Seun Oke & First UMC Bryan celebrate The Gift of Mobility

First United Methodist Church of Bryan hosted a celebration luncheon on October 24 for their mission, the Brazos Valley PET project. The PET Project, Personal Energy JfUckIltXKEHFbl0bEH1jCG3gEqVBaKsavzBG0ygw66ipxWgLRCI_fjn_002Transportation, builds a three wheeled, hand cranked cart for mobility impaired people in developing countries. Seun Oke, a PET recipient from Ogbomosho, Nigeria, was the guest of honor and the West District superintendent, Rev. Wanda Bess, led over 130 guests in the invocation. Rev. Rick Sitton of FUMC Bryan says, “This ministry receives support from the entire church and puts dozens of men and women to work with their hands so that others may know the hand of God touching their life.”

69DFJnom9VBlV7CbRAcIdsdJmSsVAdtpy9bNHkBILpLozXCMi4RdanL-_002Seun Oke visited the United States in honor of the 20th anniversary of the PET project. Seun contracted polio as a child and was forced to quit school. Since receiving her PET Seun was able to finish school and complete vocational school. She says, “The PET cart has changed my life totally.” Brazos Valley PET is one of 23 PET shops in the United States and one in Zambia. The PET project began 20 years ago when Rev. Larry Hills, a Congo missionary, told the UMC Rev. Mel West of the need for a 3 wheeled hand-cranked wheelchairs for victims of birth defects, polio and land mines. xaWjjo0uZ5DwvbslVaWXlYceUY67z-jIqQZVzeWhOYSIIOji-wYHSL_H6DhlEarl Miner, a product designer, designed and built the first prototypes that could stand up to the difficult terrain often found in developing countries. Since that time over 48,000 PETs have been built and delivered to people in need. The Brazos Valley shop, which moved to Bryan from Luling 5 years ago, has built over 1,600 PETs. The Bryan shop is currently building 175 PETs to be sent to Vietnam and 50 to be sent to Honduras.

kuSduLr7PcXChO46gu4d-HyGiYSdW9Lfh41NV-eD2tqRmH4mZ-m2K0mr_002First United Methodist of Bryan provides the Brazos Valley shop with funding and many volunteers. However, with the encouragement of FUMC the Brazos Valley PET shop has volunteers from many different Methodist churches in Bryan/College Station, the West District and from other denominations. FUMC La Grange provides both financial and volunteer support along with Methodist churches in Brenham, Alvin and Beaumont. xOVJtn_CHAeWBQzgk5teQvaAFWwWkYTKlayT4BAcrVGHfIMalaeK212Z_002The West District Missions Committee, at the encouragement of Rev. Bess, has also provided funding. Some of the volunteers and board members of the Brazos Valley PET are from other denominations. FUMC Bryan leads an ecumenical effort to provide mobility to people in need. District Superintendent Rev. Wanda Bess, who has worked in the shop herself, says, “FUMC Bryan is leading the community in the effort to provide mobility throughout the world.”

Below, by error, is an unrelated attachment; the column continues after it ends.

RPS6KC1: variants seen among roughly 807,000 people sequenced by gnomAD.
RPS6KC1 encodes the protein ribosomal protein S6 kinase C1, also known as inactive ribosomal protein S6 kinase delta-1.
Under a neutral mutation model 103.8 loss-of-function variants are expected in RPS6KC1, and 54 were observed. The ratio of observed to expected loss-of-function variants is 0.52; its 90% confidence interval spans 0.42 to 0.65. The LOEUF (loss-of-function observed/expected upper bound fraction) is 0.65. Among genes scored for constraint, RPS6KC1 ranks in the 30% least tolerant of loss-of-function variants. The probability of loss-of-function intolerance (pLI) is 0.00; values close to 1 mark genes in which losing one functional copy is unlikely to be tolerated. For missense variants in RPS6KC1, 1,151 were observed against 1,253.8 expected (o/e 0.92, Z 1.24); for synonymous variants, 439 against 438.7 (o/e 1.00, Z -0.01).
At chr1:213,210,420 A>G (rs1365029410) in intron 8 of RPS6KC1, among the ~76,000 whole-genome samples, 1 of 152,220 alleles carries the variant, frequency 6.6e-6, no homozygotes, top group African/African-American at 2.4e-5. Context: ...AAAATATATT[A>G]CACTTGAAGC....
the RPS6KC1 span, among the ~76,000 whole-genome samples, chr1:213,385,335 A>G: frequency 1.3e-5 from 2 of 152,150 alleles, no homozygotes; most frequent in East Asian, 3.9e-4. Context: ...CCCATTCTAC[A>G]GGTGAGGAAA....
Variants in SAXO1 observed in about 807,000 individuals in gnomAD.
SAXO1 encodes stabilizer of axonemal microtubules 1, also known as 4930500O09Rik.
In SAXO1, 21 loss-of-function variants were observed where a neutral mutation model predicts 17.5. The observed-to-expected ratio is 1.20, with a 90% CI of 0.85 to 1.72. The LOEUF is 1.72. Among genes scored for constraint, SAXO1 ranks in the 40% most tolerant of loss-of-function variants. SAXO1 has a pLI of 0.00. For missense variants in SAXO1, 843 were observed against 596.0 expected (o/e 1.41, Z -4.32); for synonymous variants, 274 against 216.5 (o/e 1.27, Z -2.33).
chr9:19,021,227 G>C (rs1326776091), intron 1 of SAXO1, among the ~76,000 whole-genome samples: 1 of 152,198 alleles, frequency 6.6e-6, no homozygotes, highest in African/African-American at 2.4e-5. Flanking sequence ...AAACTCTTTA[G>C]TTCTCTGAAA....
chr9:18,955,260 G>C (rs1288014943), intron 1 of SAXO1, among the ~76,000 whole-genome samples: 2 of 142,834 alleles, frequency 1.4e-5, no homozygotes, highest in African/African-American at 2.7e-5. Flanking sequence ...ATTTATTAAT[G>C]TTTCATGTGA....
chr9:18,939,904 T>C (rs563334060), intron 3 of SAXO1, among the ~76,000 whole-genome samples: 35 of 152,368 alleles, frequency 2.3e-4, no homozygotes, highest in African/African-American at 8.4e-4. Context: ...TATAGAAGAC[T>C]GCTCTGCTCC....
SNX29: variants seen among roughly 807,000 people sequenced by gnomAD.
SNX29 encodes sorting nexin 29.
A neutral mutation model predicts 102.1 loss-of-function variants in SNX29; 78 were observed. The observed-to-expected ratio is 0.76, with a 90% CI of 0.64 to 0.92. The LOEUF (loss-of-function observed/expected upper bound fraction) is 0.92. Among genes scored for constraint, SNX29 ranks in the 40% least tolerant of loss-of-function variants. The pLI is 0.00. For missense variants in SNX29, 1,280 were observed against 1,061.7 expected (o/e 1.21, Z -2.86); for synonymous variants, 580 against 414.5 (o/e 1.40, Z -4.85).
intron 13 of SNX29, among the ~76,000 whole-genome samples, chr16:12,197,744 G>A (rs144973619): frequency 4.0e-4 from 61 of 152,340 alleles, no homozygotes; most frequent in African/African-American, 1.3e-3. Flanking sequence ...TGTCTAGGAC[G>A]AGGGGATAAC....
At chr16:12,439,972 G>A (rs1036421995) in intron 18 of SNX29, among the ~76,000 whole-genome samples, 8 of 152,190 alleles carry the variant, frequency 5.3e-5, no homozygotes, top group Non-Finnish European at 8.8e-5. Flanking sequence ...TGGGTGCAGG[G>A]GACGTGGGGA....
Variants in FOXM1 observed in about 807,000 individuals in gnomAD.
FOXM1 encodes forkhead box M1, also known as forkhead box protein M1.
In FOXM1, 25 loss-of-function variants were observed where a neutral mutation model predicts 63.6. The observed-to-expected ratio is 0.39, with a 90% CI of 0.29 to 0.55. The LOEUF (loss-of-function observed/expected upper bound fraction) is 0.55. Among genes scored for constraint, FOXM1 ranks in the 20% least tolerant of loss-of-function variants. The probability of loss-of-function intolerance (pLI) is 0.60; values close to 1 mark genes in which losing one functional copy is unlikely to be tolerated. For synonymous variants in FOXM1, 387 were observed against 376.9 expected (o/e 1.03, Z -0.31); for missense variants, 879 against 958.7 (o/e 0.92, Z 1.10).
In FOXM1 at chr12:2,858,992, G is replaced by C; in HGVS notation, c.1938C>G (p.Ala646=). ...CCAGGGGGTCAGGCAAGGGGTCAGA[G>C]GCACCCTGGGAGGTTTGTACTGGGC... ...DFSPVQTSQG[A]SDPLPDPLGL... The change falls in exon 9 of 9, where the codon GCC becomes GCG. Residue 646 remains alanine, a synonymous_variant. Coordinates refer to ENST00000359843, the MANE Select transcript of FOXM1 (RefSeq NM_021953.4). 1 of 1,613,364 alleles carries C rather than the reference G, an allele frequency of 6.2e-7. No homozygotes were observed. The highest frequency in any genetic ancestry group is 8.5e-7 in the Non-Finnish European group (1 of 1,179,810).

qPTU9zSyEcTILRVnllhYJ3mIDmHlOPGQmRbJeQoRpsQuofO3lLRNDoke_002The United Nations estimates that over 70 million people with mobility disabilities do not have the use of a wheelchair. These people are forced to crawl on the ground or must rely of relatives to carry them. They often face a stigma and prejudice because of their disability. Once a person receives a PET they can go to school, to work, care for their families and overcome the stigma of prejudice. “We need more PET carts for them so that their lives will be changed as my own life has been changed,” says Seun. FUMC Bryan is helping to change lives through the gift of mobility.

For more information on the Brazos Valley PET project visit their website at: http://petbrazosvalley.org/

Submitted by: Margo Newcomb (PDF)

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One Response to Seun Oke & First UMC Bryan celebrate The Gift of Mobility

  1. jsmithkansas says:

    My husband, Herb, and I are thrilled to see that Bryan, Ohio, has a PET wheelchair shop in your area. Back in the 1980s, Herb pastored the Bryan, Ohio, Church of the Brethren, and we resettled refugees from Vietnam. I’m currently publishing a book I wrote at that time on tour experience with that family.
    Since then, we moved to Kansas, and I got involved with PET-Kansas. A couple of years ago, I went with them to Honduras, and in one week, we delivered more than 200 PETs, starting on the Pacific side of the country, up over the mountains, and down to the Eastern shore. I chronicled almost every recipient’s story so we could use it for news releases near Christmas. That week in Honduras delivering PETs was one of the most inspiring weeks of my life.
    Today, my husband teaches religion at McPherson College in Kansas. For the last five years, we have been taking our students to Ethiopia each April. Before we leave, (because of the laws over there) we have persons in need of PETs pre-identified over there so we can get their paperwork in order. Once that is done, we send the PETs ahead of us and then fly over to meet them. Our students love going to the PET shop here to learn how to re-assembled them, and then, when we travel there, they eagerly get them together and begin our distribution. I love these trips as they sensitize them to the plight of the poor. After a PET trip, they know beyond the shadow of a doubt that there’s a hurting world out there, and they can do something about it. These trips are transformational.
    Three of the students have repeated the trip another year, and one young lady brought along her pastor mother from the West Coast this year.
    McPherson College (in Kansas) where we teach is considering setting up a aservice institute there to send our students for internships. If that comes to fruition, we’re hoping to send PETs, as needed, and let our students deliver them.

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